Beyond the Revolution in Russia. Narratives - Spaces - Concepts
This article aims to explore the microfoundations of political support under a nondemocratic regime by investigating the impact of a natural disaster on attitudes toward the government. The research exploits the enormous wildfires that occurred in rural Russia during the summer of 2010 as a natural experiment. The authors test the effects of fires with a survey of almost eight hundred respondents in seventy randomly selected villages. The study finds that in the burned villages there is higher support for the government at all levels. Most counterintuitively, the rise of support for authorities cannot be fully explained by the generous governmental aid. The authors interpret the results by the demonstration effect of the government's performance.
The article contributes to the discussion on the informal economic activity in post-socialist countries. Quite often this activity is related to state regulation. We provide evidence from rural Russia suggesting that state shirking also can give rise to informal economic relations. Empirical data from Altai Krai show that informal transfers from farms to rural municipalities are used to provide rural social sector. Despite the collapse of socialist agricultural system, when rural communities existed under patronage of collective farms, substantial part of the privately owned post-Soviet farms still donate to rural municipalities and population. The article is based on the fieldwork conducted in Altai Krai in 2013 when qualitative data (informal interviews, group discussions, observations) were collected by the author and his colleagues. Gift-giving relations between agricultural producers and municipalities could be described as “natural” bottom-up pattern. We perceive these Soviet-style gift-giving relations as the way to mitigate the weaknesses both of the Russian state rural policy as well as market self-regulation mechanism. Despite it could slow down economic performance of farms, it is the way to prevent rural degradation and depopulation.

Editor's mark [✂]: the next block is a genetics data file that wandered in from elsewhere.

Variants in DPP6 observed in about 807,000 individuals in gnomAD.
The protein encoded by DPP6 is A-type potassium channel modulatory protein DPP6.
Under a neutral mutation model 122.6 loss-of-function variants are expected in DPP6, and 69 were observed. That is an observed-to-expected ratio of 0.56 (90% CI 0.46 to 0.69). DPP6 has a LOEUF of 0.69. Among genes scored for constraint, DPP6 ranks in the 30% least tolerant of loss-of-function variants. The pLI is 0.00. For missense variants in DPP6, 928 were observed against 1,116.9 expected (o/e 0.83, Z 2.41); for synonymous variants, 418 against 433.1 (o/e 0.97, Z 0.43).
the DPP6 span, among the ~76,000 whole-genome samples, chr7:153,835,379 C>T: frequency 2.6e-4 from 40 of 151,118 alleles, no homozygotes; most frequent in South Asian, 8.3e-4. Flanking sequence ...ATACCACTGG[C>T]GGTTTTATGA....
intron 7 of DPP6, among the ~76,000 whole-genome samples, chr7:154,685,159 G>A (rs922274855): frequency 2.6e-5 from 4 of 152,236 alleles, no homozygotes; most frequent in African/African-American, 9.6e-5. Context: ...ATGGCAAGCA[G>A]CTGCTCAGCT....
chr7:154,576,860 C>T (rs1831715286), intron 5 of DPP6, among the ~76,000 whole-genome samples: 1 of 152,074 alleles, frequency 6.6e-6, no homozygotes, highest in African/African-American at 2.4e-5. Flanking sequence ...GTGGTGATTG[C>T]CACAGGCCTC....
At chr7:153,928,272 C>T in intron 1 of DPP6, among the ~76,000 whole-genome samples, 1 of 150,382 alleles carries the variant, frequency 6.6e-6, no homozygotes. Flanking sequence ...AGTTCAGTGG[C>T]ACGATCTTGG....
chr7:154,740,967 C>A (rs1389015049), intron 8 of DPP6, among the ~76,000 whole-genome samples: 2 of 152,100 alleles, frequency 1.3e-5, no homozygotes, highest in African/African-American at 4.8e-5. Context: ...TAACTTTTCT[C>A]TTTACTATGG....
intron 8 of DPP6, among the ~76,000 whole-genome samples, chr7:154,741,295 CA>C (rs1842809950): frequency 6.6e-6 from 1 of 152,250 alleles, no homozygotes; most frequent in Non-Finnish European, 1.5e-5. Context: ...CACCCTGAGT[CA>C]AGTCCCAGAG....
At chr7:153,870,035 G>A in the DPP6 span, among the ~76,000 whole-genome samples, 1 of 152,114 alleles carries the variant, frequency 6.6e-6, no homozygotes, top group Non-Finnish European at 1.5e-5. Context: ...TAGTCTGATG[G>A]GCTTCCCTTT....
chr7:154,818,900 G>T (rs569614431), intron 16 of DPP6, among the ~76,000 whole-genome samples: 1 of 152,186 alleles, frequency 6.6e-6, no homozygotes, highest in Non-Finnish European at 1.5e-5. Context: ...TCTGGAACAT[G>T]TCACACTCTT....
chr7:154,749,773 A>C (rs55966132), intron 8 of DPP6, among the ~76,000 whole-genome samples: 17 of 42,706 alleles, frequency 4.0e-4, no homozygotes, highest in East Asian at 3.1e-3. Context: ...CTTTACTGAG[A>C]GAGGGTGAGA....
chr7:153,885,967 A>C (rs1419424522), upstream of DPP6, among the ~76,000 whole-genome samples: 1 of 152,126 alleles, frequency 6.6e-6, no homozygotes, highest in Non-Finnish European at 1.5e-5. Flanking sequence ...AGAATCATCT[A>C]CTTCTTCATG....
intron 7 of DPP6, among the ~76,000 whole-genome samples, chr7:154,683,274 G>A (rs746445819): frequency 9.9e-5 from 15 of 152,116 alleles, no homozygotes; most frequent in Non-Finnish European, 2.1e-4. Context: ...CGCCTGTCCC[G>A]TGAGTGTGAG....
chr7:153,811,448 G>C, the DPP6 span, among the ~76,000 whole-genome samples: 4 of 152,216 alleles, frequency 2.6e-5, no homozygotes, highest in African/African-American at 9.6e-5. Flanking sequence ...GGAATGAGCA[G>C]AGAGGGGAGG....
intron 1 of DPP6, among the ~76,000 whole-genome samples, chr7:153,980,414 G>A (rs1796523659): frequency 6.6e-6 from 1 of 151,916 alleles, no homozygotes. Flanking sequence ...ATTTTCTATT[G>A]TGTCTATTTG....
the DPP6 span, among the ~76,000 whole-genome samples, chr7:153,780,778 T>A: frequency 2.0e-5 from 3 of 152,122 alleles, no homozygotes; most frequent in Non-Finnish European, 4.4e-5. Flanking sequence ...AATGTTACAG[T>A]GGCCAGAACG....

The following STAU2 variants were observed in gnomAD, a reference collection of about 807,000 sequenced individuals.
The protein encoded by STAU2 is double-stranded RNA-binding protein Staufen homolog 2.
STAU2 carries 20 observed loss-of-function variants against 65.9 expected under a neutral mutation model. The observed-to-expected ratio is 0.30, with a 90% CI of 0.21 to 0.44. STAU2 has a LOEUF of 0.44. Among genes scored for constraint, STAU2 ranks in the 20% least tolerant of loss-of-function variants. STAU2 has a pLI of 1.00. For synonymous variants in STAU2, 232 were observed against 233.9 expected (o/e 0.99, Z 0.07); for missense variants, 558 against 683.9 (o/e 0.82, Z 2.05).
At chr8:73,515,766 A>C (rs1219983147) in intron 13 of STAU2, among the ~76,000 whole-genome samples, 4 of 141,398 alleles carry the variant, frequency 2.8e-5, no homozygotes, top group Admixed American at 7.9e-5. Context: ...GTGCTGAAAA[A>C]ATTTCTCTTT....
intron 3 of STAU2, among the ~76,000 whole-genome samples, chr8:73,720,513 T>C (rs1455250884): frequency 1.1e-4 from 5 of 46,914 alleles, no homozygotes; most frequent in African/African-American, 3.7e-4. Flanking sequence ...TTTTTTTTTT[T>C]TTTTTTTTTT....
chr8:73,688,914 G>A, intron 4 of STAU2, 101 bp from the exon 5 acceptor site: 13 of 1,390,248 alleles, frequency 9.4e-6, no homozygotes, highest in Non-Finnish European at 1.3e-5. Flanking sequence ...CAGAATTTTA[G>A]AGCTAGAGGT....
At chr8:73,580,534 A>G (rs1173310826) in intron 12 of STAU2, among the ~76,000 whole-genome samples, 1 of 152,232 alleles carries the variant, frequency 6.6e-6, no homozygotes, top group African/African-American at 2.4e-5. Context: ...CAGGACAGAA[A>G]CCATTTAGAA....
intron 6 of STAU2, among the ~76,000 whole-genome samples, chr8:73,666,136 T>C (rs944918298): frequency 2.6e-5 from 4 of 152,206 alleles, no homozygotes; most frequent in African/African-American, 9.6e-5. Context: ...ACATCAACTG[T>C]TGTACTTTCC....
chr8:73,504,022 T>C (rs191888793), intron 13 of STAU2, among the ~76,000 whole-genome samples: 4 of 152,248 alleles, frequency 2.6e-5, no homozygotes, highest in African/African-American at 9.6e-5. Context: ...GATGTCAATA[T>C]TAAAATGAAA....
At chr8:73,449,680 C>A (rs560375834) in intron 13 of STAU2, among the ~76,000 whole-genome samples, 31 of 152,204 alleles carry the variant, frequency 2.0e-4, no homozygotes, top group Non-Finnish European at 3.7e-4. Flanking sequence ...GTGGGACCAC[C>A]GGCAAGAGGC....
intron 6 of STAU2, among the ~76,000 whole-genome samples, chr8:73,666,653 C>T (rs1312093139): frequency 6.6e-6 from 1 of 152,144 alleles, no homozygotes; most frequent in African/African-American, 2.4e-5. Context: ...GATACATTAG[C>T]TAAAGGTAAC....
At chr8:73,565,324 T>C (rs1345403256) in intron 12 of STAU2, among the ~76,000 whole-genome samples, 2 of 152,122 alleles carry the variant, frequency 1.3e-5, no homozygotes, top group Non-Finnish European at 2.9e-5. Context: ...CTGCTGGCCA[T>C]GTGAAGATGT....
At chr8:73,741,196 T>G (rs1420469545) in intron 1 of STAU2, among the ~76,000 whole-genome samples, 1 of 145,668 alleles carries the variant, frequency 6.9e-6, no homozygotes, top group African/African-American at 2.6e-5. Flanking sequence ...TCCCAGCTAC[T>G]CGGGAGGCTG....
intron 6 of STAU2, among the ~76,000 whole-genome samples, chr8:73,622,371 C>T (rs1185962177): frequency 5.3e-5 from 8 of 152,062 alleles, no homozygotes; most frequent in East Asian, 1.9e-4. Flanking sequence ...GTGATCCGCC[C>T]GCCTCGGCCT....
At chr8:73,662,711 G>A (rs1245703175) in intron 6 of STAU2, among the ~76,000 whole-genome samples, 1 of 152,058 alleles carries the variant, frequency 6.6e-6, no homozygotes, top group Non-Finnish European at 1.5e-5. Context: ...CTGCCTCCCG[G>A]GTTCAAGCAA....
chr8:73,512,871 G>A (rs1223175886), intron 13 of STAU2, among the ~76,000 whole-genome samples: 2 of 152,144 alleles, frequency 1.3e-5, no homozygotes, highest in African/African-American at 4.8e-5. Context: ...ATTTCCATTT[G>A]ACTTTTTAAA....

In the present paper, we analyze the key consequences of economic transformations in the rural territories in Belgorod region (Russia) which took place in the beginning of the XXIst century. We focus on the complex study of the changes in the rural life and on the way they perceived by the local population. The paper bases on the results of the two studies conducted in the same 15 villages of Belgorod region utilizing the same methodology. We reveal both positive and negative consequences of the economic transformations for the life of the rural population. The activities of large vertically integrated agricultural enterprises, so called “agroholdings” (launched in the last 10-12 years), contributed to the rapid growth of economic well-being but also caused several serious problems. The local population perceives agroholdings as aggressive intruders reconstructing traditional way of rural life by transforming local enterprises and enhancing unemployment and social inequality. Agroholdings are also seen as major obstacles for successful development of private farming in the region.